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As an English teacher, I often find students unclear about the use of the past perfect. It seems that this is sometimes optional if there is a time reference. I take both these sentences to be correct and mean the same:

Until I went to the Tower of London, I didn't believe in ghosts.

Until I went to the Tower of London, I hadn't believed in ghosts.

However, in these two examples, I don't believe they mean the same:

Until I went to London, I didn't eat sausages.

Until I went to London, I hadn't eaten sausages.

The first being a habitual act, or decision not to eat sausages; the second the absence of sausage eating during the speaker's lifetime, perhaps due to a lack of sausage-eating opportunities.

So, my questions are, can the past perfect be substituted by the past simple plus a time reference (or conjunction) only when a state verb is involved?

Are there any 'rules'(which time phrases or conjunctions can be used, for example)? I'm sure my students would be keen to know!

Many thanks.

Peter.

  • I don't know whether anyone else agrees with me, but my instinct would be to use 'had not' with 'until', and 'did not' with 'before', so 'Before my visit to the Tower of London, I didn't believe in ghosts'. – Kate Bunting May 7 '18 at 7:29
  • But then 'Before I went to London, I didn't eat sausages regularly' and 'Until I went to London, I hadn't eaten sausages regularly' (I'm still thinking about Kate's suggestion, but I think she has a point) are back to being close if not exact synonyms. – Edwin Ashworth May 7 '18 at 8:18
  • @Edwin Ashworth It may depend on the nature of the verb. But it is difficult to think of one which cannot both be an habitual act, as well as a single action. Perhaps Before I went to London I didn't start/hadn't started shaving. Both are valid, but neither, to my mind, suggest that you may have started shaving and then stopped. – WS2 May 7 '18 at 9:09
  • Perhaps there needs to be an attempt at defining terms. What exactly is a stative usage? Most people would agree that 'He tasted the soup' shows a dynamic usage while 'Fennel tastes of aniseed' is a stative one. But what about differentiating 'He is a vegetarian' and 'He never eats meat'? Do we ignore semantics? – Edwin Ashworth May 7 '18 at 9:33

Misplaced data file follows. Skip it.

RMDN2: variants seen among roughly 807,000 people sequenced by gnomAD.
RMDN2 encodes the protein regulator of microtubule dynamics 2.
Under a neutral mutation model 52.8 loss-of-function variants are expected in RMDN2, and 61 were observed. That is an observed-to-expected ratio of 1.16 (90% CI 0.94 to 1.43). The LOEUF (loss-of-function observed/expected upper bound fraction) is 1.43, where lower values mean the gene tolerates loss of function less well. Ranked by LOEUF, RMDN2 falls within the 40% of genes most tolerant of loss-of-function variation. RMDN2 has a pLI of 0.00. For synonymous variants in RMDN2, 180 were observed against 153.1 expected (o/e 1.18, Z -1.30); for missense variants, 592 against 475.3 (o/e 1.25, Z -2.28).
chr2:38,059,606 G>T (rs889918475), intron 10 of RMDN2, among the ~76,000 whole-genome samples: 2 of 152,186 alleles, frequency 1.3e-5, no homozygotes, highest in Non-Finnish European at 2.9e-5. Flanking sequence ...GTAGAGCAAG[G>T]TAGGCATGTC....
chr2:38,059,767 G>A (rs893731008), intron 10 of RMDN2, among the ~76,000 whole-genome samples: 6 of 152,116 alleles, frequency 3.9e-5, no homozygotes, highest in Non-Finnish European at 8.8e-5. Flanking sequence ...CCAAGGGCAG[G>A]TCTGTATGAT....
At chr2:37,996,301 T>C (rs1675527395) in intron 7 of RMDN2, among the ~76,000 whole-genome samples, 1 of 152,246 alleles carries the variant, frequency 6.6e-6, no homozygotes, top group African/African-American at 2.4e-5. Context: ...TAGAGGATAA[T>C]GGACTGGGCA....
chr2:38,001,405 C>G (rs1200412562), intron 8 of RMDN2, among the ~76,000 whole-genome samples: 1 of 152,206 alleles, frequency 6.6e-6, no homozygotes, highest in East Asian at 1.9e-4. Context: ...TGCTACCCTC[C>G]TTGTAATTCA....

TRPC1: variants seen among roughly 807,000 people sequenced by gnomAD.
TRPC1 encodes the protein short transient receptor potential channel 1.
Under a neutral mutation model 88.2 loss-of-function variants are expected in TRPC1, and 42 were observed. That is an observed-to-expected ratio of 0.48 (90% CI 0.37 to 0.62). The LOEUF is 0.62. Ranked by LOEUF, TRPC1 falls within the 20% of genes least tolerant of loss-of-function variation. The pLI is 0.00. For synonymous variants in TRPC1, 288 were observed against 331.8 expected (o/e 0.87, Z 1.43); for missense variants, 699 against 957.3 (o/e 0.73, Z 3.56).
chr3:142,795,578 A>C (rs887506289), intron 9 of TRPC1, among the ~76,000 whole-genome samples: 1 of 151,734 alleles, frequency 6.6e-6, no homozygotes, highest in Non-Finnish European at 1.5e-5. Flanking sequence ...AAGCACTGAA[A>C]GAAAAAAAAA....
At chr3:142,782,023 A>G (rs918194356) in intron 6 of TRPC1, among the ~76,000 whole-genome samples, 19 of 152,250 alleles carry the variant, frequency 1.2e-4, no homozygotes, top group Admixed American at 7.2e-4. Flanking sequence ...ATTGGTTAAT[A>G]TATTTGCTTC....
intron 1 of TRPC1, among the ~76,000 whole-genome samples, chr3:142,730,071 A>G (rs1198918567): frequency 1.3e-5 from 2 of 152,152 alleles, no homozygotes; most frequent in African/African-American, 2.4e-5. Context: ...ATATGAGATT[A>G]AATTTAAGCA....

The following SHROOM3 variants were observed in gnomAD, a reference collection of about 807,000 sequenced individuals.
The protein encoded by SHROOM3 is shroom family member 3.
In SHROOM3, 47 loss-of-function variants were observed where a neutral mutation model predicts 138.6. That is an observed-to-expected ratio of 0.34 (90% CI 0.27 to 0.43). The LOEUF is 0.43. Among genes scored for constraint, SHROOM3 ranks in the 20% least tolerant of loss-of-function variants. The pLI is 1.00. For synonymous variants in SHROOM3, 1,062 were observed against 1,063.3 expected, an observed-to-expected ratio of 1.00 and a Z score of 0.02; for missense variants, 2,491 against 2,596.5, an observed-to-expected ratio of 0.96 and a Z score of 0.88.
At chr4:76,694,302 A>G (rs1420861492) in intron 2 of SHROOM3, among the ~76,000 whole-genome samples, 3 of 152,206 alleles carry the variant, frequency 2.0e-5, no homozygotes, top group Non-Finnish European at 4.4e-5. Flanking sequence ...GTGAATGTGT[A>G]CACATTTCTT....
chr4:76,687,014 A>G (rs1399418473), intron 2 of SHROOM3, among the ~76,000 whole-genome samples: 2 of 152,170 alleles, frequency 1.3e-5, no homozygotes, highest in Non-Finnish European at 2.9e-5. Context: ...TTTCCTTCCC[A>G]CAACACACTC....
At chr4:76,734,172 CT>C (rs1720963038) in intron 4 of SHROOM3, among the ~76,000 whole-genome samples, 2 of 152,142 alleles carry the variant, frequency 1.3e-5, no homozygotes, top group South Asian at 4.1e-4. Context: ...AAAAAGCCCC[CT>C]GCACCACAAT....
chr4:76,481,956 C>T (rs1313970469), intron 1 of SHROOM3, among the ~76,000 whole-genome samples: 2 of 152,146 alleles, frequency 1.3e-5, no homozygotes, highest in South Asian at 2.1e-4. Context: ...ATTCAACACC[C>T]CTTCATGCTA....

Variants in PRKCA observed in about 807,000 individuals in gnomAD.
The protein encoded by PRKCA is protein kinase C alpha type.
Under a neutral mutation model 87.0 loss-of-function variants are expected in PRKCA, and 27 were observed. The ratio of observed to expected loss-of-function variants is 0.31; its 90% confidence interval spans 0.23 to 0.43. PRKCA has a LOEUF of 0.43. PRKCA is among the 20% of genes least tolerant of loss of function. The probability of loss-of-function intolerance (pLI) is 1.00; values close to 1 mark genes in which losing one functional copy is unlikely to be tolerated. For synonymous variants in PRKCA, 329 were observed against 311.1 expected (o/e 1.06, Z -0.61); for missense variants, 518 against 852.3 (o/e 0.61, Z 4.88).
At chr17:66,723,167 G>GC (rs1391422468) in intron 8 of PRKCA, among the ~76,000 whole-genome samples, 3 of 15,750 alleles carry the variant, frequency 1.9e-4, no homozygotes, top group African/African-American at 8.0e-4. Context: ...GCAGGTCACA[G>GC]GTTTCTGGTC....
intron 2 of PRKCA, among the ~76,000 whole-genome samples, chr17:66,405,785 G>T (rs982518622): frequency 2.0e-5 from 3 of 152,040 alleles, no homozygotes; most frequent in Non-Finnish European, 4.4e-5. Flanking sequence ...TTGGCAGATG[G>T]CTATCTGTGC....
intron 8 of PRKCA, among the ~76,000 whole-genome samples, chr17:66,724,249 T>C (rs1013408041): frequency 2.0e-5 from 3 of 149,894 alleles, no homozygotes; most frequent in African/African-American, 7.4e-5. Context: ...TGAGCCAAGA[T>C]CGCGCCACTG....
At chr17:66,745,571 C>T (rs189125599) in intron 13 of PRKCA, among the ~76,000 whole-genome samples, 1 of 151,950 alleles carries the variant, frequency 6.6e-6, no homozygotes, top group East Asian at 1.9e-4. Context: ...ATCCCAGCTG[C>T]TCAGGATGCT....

• "The first being a habitual act, ..." -- is a mere conjecture. Grammar has not defined either way. So the Q itself is based on a conjecture which is not upheld by grammar. For more on "... only when a state verb is involved," see Fred Hockney below, esp., the first sentence. – Kris Dec 5 '18 at 7:18
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It really has nothing to do with stative verbs. Stative verbs can't be put in the past perfect continuous without a change in meaning. The problem has to do with how the past perfect is a catch-all tense.

The purpose of the past perfect is to indicate a sequence of events. It offers clarity as to which of two events happened prior to the other event when both events happened in the past. With the exception of conditional statements, that's the extent of its purpose. We have the option to use the simple past with reference to both past events when the sequence of events is obvious from the sentence. This most commonly happens when we include time elements; however, we can still use the past perfect if we wish.

The problem is that we have no way of indicating the "tense granularity" of the event we have placed in the past perfect. This is not only a problem here, but also in direct/indirect speech and narrative tenses since both the simple past, the past perfect, and the present perfect all degrade in these cases to the past perfect.

In the case that we need to give more information, we have to make the sentence more robust or, more likely, provide additional context.

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    I fully agree with your first sentence "It really has nothing to do with stative verbs". After that you've lost me. Your answer would greatly benefit from some examples. – WS2 May 7 '18 at 20:16
  • @WS2 I think the first sentence answers the question adequately. – Kris Dec 5 '18 at 7:19

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